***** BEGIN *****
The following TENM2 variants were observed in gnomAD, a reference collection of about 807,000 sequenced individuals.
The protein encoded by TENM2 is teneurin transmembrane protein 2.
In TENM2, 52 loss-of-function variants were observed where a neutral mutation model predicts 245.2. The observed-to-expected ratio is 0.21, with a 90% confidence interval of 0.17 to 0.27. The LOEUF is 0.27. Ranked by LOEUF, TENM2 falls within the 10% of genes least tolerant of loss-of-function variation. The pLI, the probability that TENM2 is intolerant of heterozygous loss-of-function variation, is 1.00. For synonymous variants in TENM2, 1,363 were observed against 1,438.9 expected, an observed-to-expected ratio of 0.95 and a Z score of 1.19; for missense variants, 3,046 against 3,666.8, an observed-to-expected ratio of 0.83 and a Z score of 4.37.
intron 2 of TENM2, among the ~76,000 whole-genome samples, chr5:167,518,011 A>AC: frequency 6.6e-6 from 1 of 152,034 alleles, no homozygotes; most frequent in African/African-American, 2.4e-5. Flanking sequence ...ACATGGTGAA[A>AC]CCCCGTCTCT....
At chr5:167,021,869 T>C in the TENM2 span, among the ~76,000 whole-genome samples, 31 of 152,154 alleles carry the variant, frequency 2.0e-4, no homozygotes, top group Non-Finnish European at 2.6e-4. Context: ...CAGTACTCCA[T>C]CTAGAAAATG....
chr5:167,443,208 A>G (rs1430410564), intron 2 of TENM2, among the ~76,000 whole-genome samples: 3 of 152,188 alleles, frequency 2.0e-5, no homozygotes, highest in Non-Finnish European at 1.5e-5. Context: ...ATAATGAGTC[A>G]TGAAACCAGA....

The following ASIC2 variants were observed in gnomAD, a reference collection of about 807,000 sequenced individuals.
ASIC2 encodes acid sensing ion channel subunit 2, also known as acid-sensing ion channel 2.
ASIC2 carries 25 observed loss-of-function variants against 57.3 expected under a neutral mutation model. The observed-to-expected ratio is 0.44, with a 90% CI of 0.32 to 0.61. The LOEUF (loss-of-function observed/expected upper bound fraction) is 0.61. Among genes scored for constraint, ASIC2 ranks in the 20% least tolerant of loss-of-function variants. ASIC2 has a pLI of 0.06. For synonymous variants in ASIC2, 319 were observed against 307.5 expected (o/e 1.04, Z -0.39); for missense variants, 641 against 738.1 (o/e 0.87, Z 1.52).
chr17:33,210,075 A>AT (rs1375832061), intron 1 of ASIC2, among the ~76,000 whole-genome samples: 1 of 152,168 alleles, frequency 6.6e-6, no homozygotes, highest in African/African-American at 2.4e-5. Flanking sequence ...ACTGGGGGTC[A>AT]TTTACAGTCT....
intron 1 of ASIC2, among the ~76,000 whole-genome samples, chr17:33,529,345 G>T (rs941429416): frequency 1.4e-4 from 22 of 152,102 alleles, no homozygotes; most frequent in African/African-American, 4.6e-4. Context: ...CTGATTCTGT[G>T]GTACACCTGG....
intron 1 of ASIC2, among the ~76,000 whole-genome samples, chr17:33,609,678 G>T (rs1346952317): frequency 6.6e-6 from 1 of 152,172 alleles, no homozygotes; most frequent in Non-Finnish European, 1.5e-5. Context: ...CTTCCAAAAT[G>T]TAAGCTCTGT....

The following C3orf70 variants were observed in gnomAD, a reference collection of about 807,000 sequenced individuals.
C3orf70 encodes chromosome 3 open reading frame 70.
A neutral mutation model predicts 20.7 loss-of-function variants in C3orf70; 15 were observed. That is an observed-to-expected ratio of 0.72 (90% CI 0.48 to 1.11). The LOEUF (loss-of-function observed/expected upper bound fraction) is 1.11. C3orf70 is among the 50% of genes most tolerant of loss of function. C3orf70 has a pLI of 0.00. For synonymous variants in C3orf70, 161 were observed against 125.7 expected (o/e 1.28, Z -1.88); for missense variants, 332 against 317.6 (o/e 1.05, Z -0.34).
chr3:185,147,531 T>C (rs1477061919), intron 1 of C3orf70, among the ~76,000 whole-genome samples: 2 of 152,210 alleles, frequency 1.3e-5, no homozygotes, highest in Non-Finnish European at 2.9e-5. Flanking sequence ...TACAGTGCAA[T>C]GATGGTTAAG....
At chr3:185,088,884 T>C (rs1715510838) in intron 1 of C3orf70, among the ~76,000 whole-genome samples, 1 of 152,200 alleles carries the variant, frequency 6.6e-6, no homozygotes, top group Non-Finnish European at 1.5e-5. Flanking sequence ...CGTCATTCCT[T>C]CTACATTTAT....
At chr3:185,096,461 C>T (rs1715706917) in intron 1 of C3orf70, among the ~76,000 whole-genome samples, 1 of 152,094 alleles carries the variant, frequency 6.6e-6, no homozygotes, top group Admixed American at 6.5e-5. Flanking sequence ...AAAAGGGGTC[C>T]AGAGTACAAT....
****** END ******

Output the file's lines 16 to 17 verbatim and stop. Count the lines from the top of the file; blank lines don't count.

chr3:185,147,531 T>C (rs1477061919), intron 1 of C3orf70, among the ~76,000 whole-genome samples: 2 of 152,210 alleles, frequency 1.3e-5, no homozygotes, highest in Non-Finnish European at 2.9e-5. Flanking sequence ...TACAGTGCAA[T>C]GATGGTTAAG....
At chr3:185,088,884 T>C (rs1715510838) in intron 1 of C3orf70, among the ~76,000 whole-genome samples, 1 of 152,200 alleles carries the variant, frequency 6.6e-6, no homozygotes, top group Non-Finnish European at 1.5e-5. Flanking sequence ...CGTCATTCCT[T>C]CTACATTTAT....